CURLS: Neoliberalism and the food System

„You hum something, a tone or a sound and the rest of the group is following you!“

A sound is coming from one corner, gradually the rest of the group adopts this sound. It becomes louder and louder, like a swarm of busy bees flying towards you. The sound stops and after a while also the last imitator fell silent. A new tone is hummed, everyone listens carefully, searches for the right tone and joins in.

In the end we were even able to hum/ sing songs and melodies by simply following the improvised tune of the person who is leading the song.

This morning we spend an hour that we only dedicated to our voice. Where does our voice come from, how does it feel like, can we follow a sound from another person, how can we modulate our voice. Not only was this a perfect start into the day, it is also something very important when you are an activist who wants to promote change. Alok Ulfat, who is a trainer for theatre, expression, voice and appearance from India holds one hour of “mind & body movement”- workshops every morning. He is convinced that there is a voice in every person that has the right need to be heard and especially for a group of changemakers it is of utter importance to bring the message across to other people, to speak out loud and to use emotional and convincing body language.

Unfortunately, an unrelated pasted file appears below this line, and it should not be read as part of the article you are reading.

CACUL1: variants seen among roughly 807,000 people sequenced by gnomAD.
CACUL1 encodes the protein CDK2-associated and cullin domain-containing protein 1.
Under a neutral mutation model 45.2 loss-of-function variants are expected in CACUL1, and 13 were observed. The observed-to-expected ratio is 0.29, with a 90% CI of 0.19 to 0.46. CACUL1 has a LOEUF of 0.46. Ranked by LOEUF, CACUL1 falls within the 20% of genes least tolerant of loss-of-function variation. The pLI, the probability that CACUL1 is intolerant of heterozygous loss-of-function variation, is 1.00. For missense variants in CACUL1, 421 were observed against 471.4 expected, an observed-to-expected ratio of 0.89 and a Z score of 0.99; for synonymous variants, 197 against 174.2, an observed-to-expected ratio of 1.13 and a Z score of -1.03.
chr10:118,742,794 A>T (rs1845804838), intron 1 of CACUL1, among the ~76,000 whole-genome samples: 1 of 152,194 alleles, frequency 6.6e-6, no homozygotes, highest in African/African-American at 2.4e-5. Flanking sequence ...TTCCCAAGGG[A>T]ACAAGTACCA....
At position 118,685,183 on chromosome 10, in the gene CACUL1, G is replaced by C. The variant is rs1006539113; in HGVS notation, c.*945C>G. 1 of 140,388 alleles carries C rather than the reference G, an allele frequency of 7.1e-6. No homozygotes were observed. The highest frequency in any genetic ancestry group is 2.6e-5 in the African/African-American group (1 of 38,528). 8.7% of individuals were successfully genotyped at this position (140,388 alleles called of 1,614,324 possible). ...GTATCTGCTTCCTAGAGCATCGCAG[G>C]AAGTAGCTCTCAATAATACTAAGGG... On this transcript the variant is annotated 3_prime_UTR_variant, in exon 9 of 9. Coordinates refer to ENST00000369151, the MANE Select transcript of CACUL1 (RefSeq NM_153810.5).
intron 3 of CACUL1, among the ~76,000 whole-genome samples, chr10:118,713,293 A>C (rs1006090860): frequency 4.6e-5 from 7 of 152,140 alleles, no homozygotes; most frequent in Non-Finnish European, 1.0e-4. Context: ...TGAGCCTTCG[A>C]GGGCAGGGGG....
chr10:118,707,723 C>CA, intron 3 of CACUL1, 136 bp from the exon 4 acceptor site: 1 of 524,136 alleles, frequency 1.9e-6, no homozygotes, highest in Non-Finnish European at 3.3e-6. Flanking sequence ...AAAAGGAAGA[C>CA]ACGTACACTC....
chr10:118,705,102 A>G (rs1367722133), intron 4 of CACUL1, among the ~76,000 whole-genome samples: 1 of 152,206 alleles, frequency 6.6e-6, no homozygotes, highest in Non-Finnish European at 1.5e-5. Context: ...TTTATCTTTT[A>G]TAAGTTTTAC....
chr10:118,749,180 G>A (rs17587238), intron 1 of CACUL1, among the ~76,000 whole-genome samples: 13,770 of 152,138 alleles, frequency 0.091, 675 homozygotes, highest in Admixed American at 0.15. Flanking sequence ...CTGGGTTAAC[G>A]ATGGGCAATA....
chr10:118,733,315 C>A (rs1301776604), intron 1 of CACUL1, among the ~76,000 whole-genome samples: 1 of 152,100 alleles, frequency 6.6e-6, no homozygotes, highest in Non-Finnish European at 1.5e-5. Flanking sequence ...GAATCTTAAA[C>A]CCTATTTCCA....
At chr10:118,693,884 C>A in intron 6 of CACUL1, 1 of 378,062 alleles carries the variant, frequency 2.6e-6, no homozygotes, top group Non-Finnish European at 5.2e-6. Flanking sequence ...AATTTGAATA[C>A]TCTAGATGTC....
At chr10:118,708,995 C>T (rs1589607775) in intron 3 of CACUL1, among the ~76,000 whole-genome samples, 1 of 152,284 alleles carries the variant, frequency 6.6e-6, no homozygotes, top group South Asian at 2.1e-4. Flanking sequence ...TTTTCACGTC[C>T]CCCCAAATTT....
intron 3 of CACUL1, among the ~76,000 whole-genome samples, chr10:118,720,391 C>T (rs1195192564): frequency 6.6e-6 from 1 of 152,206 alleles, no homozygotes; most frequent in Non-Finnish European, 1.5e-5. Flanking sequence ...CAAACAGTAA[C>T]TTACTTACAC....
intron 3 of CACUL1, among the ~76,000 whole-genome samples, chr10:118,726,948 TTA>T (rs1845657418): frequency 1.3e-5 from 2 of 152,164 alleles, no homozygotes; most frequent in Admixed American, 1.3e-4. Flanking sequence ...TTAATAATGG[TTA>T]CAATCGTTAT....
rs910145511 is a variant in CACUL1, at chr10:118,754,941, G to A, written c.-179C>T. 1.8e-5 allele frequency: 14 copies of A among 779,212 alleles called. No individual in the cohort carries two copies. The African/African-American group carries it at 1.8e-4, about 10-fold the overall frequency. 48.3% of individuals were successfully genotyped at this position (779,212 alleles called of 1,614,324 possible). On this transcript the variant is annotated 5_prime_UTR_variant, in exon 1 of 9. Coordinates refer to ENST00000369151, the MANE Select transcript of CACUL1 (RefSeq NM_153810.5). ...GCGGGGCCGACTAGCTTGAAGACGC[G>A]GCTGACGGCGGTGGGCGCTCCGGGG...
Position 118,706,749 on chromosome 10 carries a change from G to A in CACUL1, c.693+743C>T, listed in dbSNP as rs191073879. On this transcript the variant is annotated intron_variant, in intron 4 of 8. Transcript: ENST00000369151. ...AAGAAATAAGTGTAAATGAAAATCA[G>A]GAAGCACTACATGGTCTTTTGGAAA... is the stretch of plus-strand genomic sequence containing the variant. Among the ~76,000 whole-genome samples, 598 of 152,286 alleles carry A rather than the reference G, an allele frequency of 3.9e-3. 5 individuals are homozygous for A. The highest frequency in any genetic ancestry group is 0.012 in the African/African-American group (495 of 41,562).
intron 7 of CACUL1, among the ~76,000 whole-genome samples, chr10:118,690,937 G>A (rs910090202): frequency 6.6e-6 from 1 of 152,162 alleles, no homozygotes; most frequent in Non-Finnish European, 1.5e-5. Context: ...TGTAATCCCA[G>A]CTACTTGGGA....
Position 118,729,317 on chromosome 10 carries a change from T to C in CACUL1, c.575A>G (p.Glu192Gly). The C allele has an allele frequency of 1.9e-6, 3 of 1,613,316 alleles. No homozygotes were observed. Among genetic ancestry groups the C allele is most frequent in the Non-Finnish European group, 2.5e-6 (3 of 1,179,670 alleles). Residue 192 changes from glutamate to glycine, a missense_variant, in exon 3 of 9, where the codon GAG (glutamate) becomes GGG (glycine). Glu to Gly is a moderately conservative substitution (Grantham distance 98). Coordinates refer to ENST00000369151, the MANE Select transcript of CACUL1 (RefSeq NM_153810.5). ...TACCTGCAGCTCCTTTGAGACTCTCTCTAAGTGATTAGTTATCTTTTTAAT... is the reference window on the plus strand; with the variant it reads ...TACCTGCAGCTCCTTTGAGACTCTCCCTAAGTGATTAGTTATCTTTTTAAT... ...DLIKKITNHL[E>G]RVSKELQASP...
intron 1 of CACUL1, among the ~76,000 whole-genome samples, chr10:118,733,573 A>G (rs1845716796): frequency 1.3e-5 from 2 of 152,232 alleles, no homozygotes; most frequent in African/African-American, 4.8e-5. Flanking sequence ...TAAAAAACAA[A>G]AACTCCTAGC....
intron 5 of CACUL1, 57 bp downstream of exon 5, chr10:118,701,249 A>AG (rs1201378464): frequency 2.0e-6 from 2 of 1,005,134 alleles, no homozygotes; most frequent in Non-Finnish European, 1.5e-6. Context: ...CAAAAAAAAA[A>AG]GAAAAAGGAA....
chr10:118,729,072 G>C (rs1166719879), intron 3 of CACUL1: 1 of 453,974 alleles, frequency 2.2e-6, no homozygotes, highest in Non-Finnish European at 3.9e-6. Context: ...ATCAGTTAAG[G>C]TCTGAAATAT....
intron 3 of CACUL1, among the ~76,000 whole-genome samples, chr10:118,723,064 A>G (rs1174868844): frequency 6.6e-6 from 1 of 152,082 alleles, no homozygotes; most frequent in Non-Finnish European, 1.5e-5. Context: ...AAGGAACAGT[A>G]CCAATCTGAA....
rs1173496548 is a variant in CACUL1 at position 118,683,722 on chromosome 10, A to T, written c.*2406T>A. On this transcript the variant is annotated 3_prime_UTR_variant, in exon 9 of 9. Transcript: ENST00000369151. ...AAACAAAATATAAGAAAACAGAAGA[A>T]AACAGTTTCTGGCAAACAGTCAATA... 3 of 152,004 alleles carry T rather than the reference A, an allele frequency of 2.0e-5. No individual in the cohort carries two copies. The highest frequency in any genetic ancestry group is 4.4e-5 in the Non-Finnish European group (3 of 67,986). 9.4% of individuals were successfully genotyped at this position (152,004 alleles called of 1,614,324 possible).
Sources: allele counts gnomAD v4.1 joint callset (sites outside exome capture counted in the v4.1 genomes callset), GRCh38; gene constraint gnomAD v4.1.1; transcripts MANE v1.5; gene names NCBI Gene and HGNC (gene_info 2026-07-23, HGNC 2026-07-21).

After this very active start in the day we dived into the matter of political economy, the concept of neo-liberalism and the impacts of the agenda on South East Asia. The short lecture, followed by a lively discussion, was held by Surat Horachaikul who is an Assistant Professor at the Faculty of Political Science at Chulalongkorn University. After a journey starting from A. Smith and J. Locke, via role of the state in neoliberalism and a discussion on populism, we ended up talking about possible paths out of the neoliberal agenda. What´s the role of the individual in this process? What´s the role of companies? Maybe this system is too adaptive and powerful that there won´t ever be any change? No, says Surat Horachaikul. There is hope! The small steps towards Right Livelihood each of us goes every day, from buying organic food, to campaigning have an impact on the system that is not to be underestimated. And as long as we live in a system that is shaped by supply and demand, we can have an impact on that “demand” side. But can we really change a company that is already deeply embedded in the current system, thinking about increasing the profit margin rather than mother earth? The discussion reached long into the break…

The break was followed by a presentation by Ong Kung Wai, board member of IFOAM (International Federation of Organic Agriculture Movements) who focussed more on the economical, systemic and technical arguments in favour of a shift toward organic agriculture.

The afternoon was all about food systems and supply chains where we used the method “World Café” to find out more about what food means to us, why we think the current food system is not sustainable and how we can work towards a more sustainable way of producing and consuming food.